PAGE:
[concurrency-interest] ReentrantWriterPreferenceReadWriteLock -- Deadlock if reader releases lock more times than it aquires lock

David Holmes dholmes@dltech.com.au
Tue, 3 Dec 2002 07:01:00 +1000


Mazda Hewitt wrote:
> ReentrantWriterPreferenceReadWriteLock appears to deadlock
> if a reader releases the lock more times than it aquires
> it.  In this case the reader is releasing a lock that it
> doesn't own.  I understand that the number of aquires
> should exactly match the number of releases and you have to
> be careful to realease all locks that are aquired.  But as
> you can see in this example it is easy to accidently
> release the lock too many times.  It is also easy to assume
> that this won't matter.

Thanks for the posting.

While I'm all for making misuse of these things more difficult, and
making the consequence of misuse less drastic (assuming the price of
that is not too high), I must emphasise the importance of the correct
usage of the try/finally construct - it is something that a number of
books and articles often get wrong.

[The following is not a lecture to the original poster but rather a
clarification for anyone reading the list archive at a later date.]

In the example, we have:

    public void run(){
      try {
        if ( lock.readLock().attempt(100)){
          System.out.println("Reader " + getName()+" Reading");
          sleep (2000);
        }
        else{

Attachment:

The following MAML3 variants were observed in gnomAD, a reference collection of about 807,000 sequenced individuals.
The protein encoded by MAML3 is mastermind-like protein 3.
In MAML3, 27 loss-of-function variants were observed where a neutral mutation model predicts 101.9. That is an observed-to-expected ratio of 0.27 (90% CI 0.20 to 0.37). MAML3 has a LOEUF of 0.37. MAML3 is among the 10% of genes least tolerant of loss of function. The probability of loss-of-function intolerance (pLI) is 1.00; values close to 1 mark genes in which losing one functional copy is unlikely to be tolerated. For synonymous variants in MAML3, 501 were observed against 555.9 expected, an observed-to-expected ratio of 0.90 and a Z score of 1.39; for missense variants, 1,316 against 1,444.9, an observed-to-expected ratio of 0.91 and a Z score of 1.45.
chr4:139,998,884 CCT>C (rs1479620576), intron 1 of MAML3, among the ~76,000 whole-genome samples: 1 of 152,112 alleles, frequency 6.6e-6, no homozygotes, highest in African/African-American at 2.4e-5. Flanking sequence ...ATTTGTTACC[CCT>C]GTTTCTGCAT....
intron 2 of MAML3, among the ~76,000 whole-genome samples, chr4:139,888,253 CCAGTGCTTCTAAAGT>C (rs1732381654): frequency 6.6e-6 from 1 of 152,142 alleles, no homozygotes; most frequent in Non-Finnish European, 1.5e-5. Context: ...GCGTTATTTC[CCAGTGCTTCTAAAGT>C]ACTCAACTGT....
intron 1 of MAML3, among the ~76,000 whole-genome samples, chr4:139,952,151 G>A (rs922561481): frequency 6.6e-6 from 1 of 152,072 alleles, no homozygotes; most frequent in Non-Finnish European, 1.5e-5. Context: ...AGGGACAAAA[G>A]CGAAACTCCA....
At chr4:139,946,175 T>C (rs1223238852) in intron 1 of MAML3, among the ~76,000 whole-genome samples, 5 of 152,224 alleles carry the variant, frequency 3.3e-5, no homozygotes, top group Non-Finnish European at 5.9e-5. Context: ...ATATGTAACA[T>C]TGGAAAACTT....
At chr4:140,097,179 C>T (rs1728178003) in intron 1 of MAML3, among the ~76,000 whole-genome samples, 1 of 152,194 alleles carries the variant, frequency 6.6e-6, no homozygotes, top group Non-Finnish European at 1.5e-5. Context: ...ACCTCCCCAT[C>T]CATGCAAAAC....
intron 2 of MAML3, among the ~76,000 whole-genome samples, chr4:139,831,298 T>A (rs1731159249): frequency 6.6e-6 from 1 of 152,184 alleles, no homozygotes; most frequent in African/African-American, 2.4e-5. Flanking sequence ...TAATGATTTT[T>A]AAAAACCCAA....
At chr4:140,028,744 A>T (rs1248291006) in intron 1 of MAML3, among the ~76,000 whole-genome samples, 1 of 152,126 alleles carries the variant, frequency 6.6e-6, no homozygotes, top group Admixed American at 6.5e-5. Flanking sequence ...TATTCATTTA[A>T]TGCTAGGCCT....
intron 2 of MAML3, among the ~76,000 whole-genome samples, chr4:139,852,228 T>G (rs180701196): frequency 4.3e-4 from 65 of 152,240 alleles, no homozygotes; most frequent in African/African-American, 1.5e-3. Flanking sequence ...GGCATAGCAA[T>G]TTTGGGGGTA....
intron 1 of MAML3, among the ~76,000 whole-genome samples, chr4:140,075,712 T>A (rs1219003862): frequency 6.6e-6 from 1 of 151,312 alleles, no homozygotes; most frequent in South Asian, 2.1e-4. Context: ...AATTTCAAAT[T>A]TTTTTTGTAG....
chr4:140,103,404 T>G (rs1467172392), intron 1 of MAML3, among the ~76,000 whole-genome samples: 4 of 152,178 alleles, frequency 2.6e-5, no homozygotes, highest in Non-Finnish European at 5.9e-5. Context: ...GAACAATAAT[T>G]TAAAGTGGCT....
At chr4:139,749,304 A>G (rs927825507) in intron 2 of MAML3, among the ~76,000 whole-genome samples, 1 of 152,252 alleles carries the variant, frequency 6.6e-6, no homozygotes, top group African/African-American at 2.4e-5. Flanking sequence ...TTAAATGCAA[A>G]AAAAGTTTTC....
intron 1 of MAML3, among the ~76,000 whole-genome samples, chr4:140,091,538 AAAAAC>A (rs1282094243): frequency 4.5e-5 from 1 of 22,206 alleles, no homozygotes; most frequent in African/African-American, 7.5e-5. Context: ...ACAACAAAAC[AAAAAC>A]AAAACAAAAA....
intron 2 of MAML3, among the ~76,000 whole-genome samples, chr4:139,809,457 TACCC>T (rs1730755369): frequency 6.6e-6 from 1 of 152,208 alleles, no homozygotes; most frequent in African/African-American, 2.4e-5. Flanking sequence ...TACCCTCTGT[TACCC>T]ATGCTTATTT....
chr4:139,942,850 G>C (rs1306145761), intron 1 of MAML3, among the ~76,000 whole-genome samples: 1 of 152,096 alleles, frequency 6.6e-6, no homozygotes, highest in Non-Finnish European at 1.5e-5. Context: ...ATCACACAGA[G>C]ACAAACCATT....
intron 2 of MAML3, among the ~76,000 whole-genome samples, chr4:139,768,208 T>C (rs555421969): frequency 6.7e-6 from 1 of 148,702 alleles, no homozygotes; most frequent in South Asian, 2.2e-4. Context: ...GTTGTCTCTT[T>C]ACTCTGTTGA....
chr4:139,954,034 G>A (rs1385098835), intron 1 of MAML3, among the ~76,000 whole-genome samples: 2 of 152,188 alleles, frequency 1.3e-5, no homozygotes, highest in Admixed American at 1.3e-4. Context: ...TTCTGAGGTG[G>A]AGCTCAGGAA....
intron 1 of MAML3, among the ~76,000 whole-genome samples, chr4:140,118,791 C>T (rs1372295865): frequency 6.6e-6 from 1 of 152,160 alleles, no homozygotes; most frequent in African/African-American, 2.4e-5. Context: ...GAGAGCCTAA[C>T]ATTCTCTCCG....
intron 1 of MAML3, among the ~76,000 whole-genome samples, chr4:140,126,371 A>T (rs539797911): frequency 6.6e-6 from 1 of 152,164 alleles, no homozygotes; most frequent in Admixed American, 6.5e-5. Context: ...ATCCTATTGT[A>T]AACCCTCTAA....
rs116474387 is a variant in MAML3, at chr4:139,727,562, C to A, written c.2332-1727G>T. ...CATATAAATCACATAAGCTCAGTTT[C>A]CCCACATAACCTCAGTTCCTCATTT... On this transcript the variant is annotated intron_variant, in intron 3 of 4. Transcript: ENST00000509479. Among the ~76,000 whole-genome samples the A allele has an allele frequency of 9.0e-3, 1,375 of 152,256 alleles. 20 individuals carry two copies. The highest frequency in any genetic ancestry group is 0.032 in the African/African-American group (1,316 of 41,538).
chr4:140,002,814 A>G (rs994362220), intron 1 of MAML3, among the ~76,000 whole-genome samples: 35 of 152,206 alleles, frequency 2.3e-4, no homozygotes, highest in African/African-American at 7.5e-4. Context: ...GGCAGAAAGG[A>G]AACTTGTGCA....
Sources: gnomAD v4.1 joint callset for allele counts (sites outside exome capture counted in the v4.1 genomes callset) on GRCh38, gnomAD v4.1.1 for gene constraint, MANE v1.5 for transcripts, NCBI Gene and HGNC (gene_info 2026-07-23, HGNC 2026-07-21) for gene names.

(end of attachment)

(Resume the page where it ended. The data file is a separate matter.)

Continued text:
System.out.println("Reader " + getName()+" Failed to get
lock");
        }
      }
      catch (InterruptedException ex) {
        interrupt();
      }
      finally{
        lock.readLock().release();
      }
    }

which is an incorrect usage of the try/finally construct as the
finally clause is executed even if the Lock.attempt failed. With
paired actions like acquire/attempt and release, it is crucial to
remember that the first action occurs *outside* of the try block:

  public void run(){
    if ( lock.readLock().attempt(100)){
      try {
        System.out.println("Reader " + getName()+" Reading");
        sleep (2000);
      }
      catch (InterruptedException ex) {
        interrupt();
      }
      finally{
        lock.readLock().release();
      }
   }
   else{
     System.out.println("Reader " + getName()+" Failed to get lock");
   }
 }

Now sometimes the structure of code is such that doing try/finally
correctly, and dealing with exceptions, can lead to awkward structure.
In such cases you will often find the code in the finally clause
protected by a condition - such as checking a reference to an I/O
stream for null before closing it.

<end lecture> :)

David Holmes